Washington, D.C. 20549


1.  Name of the Registrant
The Walt Disney Company

2. Name of person relying on exemption
State of Connecticut Retirement Plans and Trust Fund

3. Address of person relying on exemption
55 Elm Street
Hartford, CT 06106
4. Written Materials. Attach written material required to be submitted pursuant to Rule 14a-6(g)(1).

Connecticut Treasurer Denise L. Nappier, on behalf of the $26 billion Connecticut Retirement Plans and Trust Funds (CRPTF) (which holds 603,155 shares in The Walt Disney Company with an approximate value of $30 million as of 12/27/12), has filed a shareholder resolution at Disney asking the company to accept a change to its corporate governance guidelines that separate the roles of Chairman of the Board and CEO and appoint an independent outside director to the position of non-executive Board Chairman; and establish a process and criteria for combining the roles only during “extraordinary circumstances.”  As a public shareholder, CRPTF maintains a fiduciary responsibility and unwavering commitment to advocating that best practices are adhered to by portfolio companies as a means of enhancing shareholder value.

Déjà vu All Over Again
Pressure from institutional investors in 2004 led directly to The Walt Disney Company separating the roles of CEO and Board Chair.  That separation was formalized by the Board in January 2005, in response to shareholder concerns on board oversight of the CEO.
By its actions in October 2011, the Disney Board chose not to honor its 2005 commitment to shareholders to retain a board leadership structure led by an independent director.  The company failed to engage in coordinated outreach or give shareholders generally an opportunity to comment on any proposal to recombine the roles of CEO and Board Chair.  In fact, just the opposite:  the timing of the Board’s decision strongly suggests that shareholder input was intentionally avoided, given that the company’s announcement was made public after Disney’s September 2011 deadline for accepting shareholder proposals.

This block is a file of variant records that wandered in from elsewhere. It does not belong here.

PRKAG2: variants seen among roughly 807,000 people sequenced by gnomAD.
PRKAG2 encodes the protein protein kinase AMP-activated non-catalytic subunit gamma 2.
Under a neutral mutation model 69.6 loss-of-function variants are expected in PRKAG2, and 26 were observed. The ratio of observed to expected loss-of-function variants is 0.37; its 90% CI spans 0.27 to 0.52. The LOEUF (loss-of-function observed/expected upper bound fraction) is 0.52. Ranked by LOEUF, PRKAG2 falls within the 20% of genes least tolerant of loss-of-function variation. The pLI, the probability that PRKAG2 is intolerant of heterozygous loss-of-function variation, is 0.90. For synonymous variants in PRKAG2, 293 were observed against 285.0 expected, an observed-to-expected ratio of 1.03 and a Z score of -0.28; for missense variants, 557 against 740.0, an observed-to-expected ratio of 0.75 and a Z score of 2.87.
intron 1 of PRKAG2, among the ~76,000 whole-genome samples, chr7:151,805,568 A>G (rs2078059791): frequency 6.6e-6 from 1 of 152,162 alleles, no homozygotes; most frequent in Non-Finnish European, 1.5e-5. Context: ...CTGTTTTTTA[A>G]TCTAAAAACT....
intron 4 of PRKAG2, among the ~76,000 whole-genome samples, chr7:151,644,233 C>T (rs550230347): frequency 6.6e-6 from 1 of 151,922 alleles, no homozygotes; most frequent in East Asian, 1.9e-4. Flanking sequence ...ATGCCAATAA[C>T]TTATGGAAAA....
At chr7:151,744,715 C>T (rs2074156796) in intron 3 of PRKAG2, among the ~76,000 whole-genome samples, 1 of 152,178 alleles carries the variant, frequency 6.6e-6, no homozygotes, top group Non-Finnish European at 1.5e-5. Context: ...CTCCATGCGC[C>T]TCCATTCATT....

The Board’s agreement with Mr. Iger provides for  guaranteed target pay opportunities through Fiscal Year 2015 -- the year he will step down as CEO.  It also includes a guaranteed long‐term incentive award target of $15.5 million each year, consisting of a mix of stock options and performance stock.  Lastly, Mr. Iger’s agreement contains without-cause termination severance payments that ISS estimates to be as much as $100 million.

Rebalancing the Board and Enhancing CEO Accountability

Since separation of the Chair and CEO roles in 2004 - formalized by the Board in 2005 – Disney’s strong performance has been evident to shareholders.  That is a clear sign refuting any claim that the leadership tenure of independent Board Chairs George Mitchell and most recently John Pepper damaged performance or weakened accountability.

A vote FOR CRPTF’s shareholder resolution would achieve the following for the company:
Strengthens the threshold that must be met for the Disney Board to depart from the widely accepted best practice of establishing an independent board chair, from “best interests” of the company to the stricter standard of “extraordinary circumstances,” which is utilized by many leading corporations.
Provides the Board with continued authority to determine whether “extraordinary circumstances” exist and that the threshold has been met to merit a temporarily combined chair/CEO, recognizing the potential wide range of circumstances that the Board may need to address.
Imposes a six-month time limit on the combined CEO/chair, which reinforces the temporary nature of such an arrangement, underscoring that separate CEO and chair positions is the primary and preferable board oversight structure in the best interests of the company and its shareholders, and the importance of transitioning back to independent Board leadership.
Allows for flexibility in execution as the provisions of the resolution would take effect in 2016.


A Return to the Eisner Era and Imperial CEO Pay